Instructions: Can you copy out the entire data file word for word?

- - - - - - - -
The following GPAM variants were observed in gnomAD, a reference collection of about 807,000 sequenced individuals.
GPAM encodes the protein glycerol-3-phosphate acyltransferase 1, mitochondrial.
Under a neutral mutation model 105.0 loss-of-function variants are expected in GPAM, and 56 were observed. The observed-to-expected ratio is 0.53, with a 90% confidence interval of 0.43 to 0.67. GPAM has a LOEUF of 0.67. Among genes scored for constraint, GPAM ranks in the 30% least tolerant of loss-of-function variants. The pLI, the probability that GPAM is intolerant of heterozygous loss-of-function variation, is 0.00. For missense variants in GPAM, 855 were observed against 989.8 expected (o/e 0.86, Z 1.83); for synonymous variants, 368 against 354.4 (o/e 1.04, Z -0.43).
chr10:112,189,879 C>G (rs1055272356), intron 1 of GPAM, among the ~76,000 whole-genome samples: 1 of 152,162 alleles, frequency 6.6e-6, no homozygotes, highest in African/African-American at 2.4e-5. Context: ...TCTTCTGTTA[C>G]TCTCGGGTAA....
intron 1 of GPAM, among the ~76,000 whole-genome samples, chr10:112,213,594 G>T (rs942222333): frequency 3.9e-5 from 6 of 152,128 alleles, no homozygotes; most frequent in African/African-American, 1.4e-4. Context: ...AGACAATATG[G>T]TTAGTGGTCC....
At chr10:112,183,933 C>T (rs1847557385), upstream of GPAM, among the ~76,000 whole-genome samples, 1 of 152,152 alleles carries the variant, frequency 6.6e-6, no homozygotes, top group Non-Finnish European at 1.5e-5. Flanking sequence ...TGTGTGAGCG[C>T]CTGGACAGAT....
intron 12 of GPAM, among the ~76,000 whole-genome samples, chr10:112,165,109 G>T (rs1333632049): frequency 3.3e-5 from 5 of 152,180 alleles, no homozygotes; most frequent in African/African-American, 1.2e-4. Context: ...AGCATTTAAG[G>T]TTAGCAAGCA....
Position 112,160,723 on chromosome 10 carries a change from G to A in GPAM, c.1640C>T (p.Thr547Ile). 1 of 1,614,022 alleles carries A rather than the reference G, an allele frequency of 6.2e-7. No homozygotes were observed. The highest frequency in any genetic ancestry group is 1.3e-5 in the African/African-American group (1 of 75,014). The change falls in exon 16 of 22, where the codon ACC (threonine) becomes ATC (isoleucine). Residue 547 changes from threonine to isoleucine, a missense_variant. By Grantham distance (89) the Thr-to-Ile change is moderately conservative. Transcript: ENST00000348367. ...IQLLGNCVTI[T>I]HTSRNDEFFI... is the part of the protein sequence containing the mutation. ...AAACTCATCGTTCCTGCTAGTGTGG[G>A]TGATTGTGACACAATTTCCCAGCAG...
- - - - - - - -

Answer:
The following GPAM variants were observed in gnomAD, a reference collection of about 807,000 sequenced individuals.
GPAM encodes the protein glycerol-3-phosphate acyltransferase 1, mitochondrial.
Under a neutral mutation model 105.0 loss-of-function variants are expected in GPAM, and 56 were observed. The observed-to-expected ratio is 0.53, with a 90% confidence interval of 0.43 to 0.67. GPAM has a LOEUF of 0.67. Among genes scored for constraint, GPAM ranks in the 30% least tolerant of loss-of-function variants. The pLI, the probability that GPAM is intolerant of heterozygous loss-of-function variation, is 0.00. For missense variants in GPAM, 855 were observed against 989.8 expected (o/e 0.86, Z 1.83); for synonymous variants, 368 against 354.4 (o/e 1.04, Z -0.43).
chr10:112,189,879 C>G (rs1055272356), intron 1 of GPAM, among the ~76,000 whole-genome samples: 1 of 152,162 alleles, frequency 6.6e-6, no homozygotes, highest in African/African-American at 2.4e-5. Context: ...TCTTCTGTTA[C>G]TCTCGGGTAA....
intron 1 of GPAM, among the ~76,000 whole-genome samples, chr10:112,213,594 G>T (rs942222333): frequency 3.9e-5 from 6 of 152,128 alleles, no homozygotes; most frequent in African/African-American, 1.4e-4. Context: ...AGACAATATG[G>T]TTAGTGGTCC....
At chr10:112,183,933 C>T (rs1847557385), upstream of GPAM, among the ~76,000 whole-genome samples, 1 of 152,152 alleles carries the variant, frequency 6.6e-6, no homozygotes, top group Non-Finnish European at 1.5e-5. Flanking sequence ...TGTGTGAGCG[C>T]CTGGACAGAT....
intron 12 of GPAM, among the ~76,000 whole-genome samples, chr10:112,165,109 G>T (rs1333632049): frequency 3.3e-5 from 5 of 152,180 alleles, no homozygotes; most frequent in African/African-American, 1.2e-4. Context: ...AGCATTTAAG[G>T]TTAGCAAGCA....
Position 112,160,723 on chromosome 10 carries a change from G to A in GPAM, c.1640C>T (p.Thr547Ile). 1 of 1,614,022 alleles carries A rather than the reference G, an allele frequency of 6.2e-7. No homozygotes were observed. The highest frequency in any genetic ancestry group is 1.3e-5 in the African/African-American group (1 of 75,014). The change falls in exon 16 of 22, where the codon ACC (threonine) becomes ATC (isoleucine). Residue 547 changes from threonine to isoleucine, a missense_variant. By Grantham distance (89) the Thr-to-Ile change is moderately conservative. Transcript: ENST00000348367. ...IQLLGNCVTI[T>I]HTSRNDEFFI... is the part of the protein sequence containing the mutation. ...AAACTCATCGTTCCTGCTAGTGTGG[G>A]TGATTGTGACACAATTTCCCAGCAG...